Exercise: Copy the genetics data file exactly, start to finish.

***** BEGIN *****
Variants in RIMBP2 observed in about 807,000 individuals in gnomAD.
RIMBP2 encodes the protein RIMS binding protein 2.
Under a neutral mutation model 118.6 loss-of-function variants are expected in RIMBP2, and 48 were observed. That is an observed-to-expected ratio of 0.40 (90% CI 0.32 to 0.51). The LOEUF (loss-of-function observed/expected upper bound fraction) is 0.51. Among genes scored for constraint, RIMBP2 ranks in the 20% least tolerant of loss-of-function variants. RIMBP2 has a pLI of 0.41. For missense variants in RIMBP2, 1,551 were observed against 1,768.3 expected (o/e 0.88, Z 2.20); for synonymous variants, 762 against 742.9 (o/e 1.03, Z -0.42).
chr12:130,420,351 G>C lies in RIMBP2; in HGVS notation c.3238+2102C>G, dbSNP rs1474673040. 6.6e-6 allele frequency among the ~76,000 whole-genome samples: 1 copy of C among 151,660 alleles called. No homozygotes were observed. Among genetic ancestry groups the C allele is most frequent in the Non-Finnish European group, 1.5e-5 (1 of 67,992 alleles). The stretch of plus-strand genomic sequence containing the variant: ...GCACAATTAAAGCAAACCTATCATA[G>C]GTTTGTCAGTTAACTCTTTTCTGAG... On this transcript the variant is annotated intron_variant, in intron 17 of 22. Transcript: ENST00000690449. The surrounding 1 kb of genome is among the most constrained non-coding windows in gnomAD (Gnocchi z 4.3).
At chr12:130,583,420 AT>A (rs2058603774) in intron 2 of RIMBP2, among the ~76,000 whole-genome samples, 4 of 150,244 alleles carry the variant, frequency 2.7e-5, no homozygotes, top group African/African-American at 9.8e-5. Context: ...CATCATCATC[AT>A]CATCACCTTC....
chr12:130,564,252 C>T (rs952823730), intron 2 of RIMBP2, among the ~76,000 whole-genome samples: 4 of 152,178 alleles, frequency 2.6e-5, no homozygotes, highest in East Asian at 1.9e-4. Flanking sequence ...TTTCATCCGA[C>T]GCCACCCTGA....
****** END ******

Variants in RIMBP2 observed in about 807,000 individuals in gnomAD.
RIMBP2 encodes the protein RIMS binding protein 2.
Under a neutral mutation model 118.6 loss-of-function variants are expected in RIMBP2, and 48 were observed. That is an observed-to-expected ratio of 0.40 (90% CI 0.32 to 0.51). The LOEUF (loss-of-function observed/expected upper bound fraction) is 0.51. Among genes scored for constraint, RIMBP2 ranks in the 20% least tolerant of loss-of-function variants. RIMBP2 has a pLI of 0.41. For missense variants in RIMBP2, 1,551 were observed against 1,768.3 expected (o/e 0.88, Z 2.20); for synonymous variants, 762 against 742.9 (o/e 1.03, Z -0.42).
chr12:130,420,351 G>C lies in RIMBP2; in HGVS notation c.3238+2102C>G, dbSNP rs1474673040. 6.6e-6 allele frequency among the ~76,000 whole-genome samples: 1 copy of C among 151,660 alleles called. No homozygotes were observed. Among genetic ancestry groups the C allele is most frequent in the Non-Finnish European group, 1.5e-5 (1 of 67,992 alleles). The stretch of plus-strand genomic sequence containing the variant: ...GCACAATTAAAGCAAACCTATCATA[G>C]GTTTGTCAGTTAACTCTTTTCTGAG... On this transcript the variant is annotated intron_variant, in intron 17 of 22. Transcript: ENST00000690449. The surrounding 1 kb of genome is among the most constrained non-coding windows in gnomAD (Gnocchi z 4.3).
At chr12:130,583,420 AT>A (rs2058603774) in intron 2 of RIMBP2, among the ~76,000 whole-genome samples, 4 of 150,244 alleles carry the variant, frequency 2.7e-5, no homozygotes, top group African/African-American at 9.8e-5. Context: ...CATCATCATC[AT>A]CATCACCTTC....
chr12:130,564,252 C>T (rs952823730), intron 2 of RIMBP2, among the ~76,000 whole-genome samples: 4 of 152,178 alleles, frequency 2.6e-5, no homozygotes, highest in East Asian at 1.9e-4. Flanking sequence ...TTTCATCCGA[C>T]GCCACCCTGA....